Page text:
Evolutionary aspects

In simple vertebrates the spinal cord and lower brain stem dominate, there being little or no developed forebrain. As higher centres have developed in the course of evolution, they have come to exert many of their effects by controlling and modifying the pre-existing spinal reflex mechanisms, not by replacing them. An example of modification of primitive cord activity by higher centres is afforded by another clinically useful test. When a firm stroke is applied to the sole of the foot, the primitive spinal reflex response, when influences from higher centres are absent, is withdrawal of the foot from the mildly noxious stimulus. The response of a normal human adult to this same stimulus, however, is a thrust, to push the stimulus away. This latter response is part of the complicated mechanism that allows us to stand; the pressure on the soles of our feet elicits a continuous muscular effort to keep the feet pushing against the ground to prevent us from falling. If a human adult suffers damage to the higher motor centres in the brain, the reflex reverts from its normal thrust to the more primitive withdrawal response. Doctors refer to the reflex as the Babinski response, named after the neurologist in Paris who first described its significance in 1896. It is a clinically useful indicator of the integrity of the higher motor centres together with the tracts projecting down from these centres to the motor nerve cells in the spinal cord. Normal new-born babies, in whom the higher central control of posture has yet to develop, show the primitive withdrawal response. This reverses to the normal adult response at the age of about 6 months. This is the time in development at which the tracts from higher motor centres become functional.

For different reflexes, the reflex responses range from simple to complex. The tendon jerk reflex is relatively simple and involves a relatively small region of the spinal cord. This contrasts with complicated, repeated movements, such as those occurring in a limb of a dog showing a scratch reflex to dislodge an insect biting its flank. For these more complicated reflexes, extensive regions of the cord are involved and the reflex circuits are correspondingly elaborate. Whereas the tendon jerk reflex is executed by a direct connection in the cord between the sensory nerve fibres and motor nerve cells, a scratch reflex depends on long pathways involving multiple synaptic relays, and the triggering into action of a rhythm generator responsible for the frequency and vigour of the scratching movements.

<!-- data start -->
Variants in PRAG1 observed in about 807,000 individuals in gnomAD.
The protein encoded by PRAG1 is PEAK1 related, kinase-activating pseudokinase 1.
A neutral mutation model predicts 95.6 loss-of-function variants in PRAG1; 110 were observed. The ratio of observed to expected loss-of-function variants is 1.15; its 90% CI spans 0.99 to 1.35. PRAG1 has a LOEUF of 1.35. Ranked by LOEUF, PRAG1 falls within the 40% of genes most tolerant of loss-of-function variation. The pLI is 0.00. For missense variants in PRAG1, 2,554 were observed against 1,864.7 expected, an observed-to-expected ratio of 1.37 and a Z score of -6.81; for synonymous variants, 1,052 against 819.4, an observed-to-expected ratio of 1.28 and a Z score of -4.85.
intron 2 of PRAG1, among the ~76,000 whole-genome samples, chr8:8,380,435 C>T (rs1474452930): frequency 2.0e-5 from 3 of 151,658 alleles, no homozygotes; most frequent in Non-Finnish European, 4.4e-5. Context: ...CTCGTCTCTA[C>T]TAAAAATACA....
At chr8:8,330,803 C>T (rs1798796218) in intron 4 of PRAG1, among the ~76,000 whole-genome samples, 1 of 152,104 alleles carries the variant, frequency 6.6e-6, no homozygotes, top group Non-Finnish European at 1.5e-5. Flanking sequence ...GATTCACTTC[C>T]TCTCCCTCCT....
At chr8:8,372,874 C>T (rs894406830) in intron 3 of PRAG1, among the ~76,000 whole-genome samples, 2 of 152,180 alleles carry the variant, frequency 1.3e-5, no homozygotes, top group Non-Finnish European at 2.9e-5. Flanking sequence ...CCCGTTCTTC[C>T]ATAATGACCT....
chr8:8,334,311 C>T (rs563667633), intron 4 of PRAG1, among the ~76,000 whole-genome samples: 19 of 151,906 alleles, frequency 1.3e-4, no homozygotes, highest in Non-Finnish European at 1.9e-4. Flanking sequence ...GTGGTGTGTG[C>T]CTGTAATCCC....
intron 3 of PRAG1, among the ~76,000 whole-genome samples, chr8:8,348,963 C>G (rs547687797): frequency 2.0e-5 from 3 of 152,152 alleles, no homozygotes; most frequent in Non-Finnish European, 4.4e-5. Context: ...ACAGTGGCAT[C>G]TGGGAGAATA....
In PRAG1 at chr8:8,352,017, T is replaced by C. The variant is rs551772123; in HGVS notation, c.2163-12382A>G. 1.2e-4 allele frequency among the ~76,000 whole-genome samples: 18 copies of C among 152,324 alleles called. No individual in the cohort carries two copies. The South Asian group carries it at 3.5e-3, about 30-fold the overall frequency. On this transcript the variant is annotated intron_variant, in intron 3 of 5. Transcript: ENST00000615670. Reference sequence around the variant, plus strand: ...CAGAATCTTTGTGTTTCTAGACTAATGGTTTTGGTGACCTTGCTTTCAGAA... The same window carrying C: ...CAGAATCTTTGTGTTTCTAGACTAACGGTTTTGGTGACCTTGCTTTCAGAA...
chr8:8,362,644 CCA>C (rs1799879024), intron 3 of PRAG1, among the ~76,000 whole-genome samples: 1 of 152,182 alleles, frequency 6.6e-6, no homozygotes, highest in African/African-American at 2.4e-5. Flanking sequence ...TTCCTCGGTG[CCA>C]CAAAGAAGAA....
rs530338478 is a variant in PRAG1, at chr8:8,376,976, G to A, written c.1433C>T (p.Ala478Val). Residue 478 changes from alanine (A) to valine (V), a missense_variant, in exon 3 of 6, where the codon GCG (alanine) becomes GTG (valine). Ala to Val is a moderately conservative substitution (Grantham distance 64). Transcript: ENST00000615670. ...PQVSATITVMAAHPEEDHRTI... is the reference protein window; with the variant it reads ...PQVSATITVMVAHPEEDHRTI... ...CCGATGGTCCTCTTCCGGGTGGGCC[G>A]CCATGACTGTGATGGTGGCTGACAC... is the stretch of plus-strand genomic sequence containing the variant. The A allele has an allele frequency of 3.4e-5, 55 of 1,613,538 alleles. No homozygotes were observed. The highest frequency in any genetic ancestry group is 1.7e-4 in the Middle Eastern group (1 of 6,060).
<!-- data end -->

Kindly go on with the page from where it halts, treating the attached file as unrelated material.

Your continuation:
Reflexes interact with each other. The reflex response to a stimulus which is severely threatening to the well-being, or even to the life, of an animal, will, whilst commanding its own response, simultaneously switch off any other interfering reflexes that are less important in survival and that utilize the same muscles.

Reflexes mediated by cranial nerves

The cranial nerves (the nerves that arise from the brain rather than the spinal nerves that arise from the cord) provide the pathways to and from the central nervous system for reflexes utilizing the muscles of the head, such as those controlling movements of the eyeball, face, and tongue. The nerve cells giving rise to the cranial motor nerve fibres lie in clusters (nuclei) in the brain stem; they represent an upward extension of the homologous groups of nerve cells in the spinal cord. Examples of reflexes involving the cranial nerves are the closure of the eyelids when the cornea is stimulated, or gagging when the back of the throat is irritated.

Autonomic reflexes

These reflexes produce effects such as: changing the rate or force of contraction of the heart; contraction or relaxation of smooth muscle; glandular secretion. The reflexes are mediated by the sympathetic or parasympathetic nerves of the autonomic nervous system, in response to information reaching the central nervous system from a variety of receptors in the organs and tissues. For example, when a light shines in the eye, there is constriction of the pupil produced by contraction of the circular smooth muscle of the iris; when a person rises rapidly from bed or bath, the heart rate promptly increases in response to a fall in blood pressure; in response to the taste of a lemon, there is an outpouring of saliva.

In conclusion, the study of reflexes alone cannot solve the problems of higher neural function, of emotion, or of psychology. However, by providing a basis from which a study of higher functions could develop, the unravelling of the properties of reflexes was an historic, essential early step in the development of neuroscience.

Oliver Holmes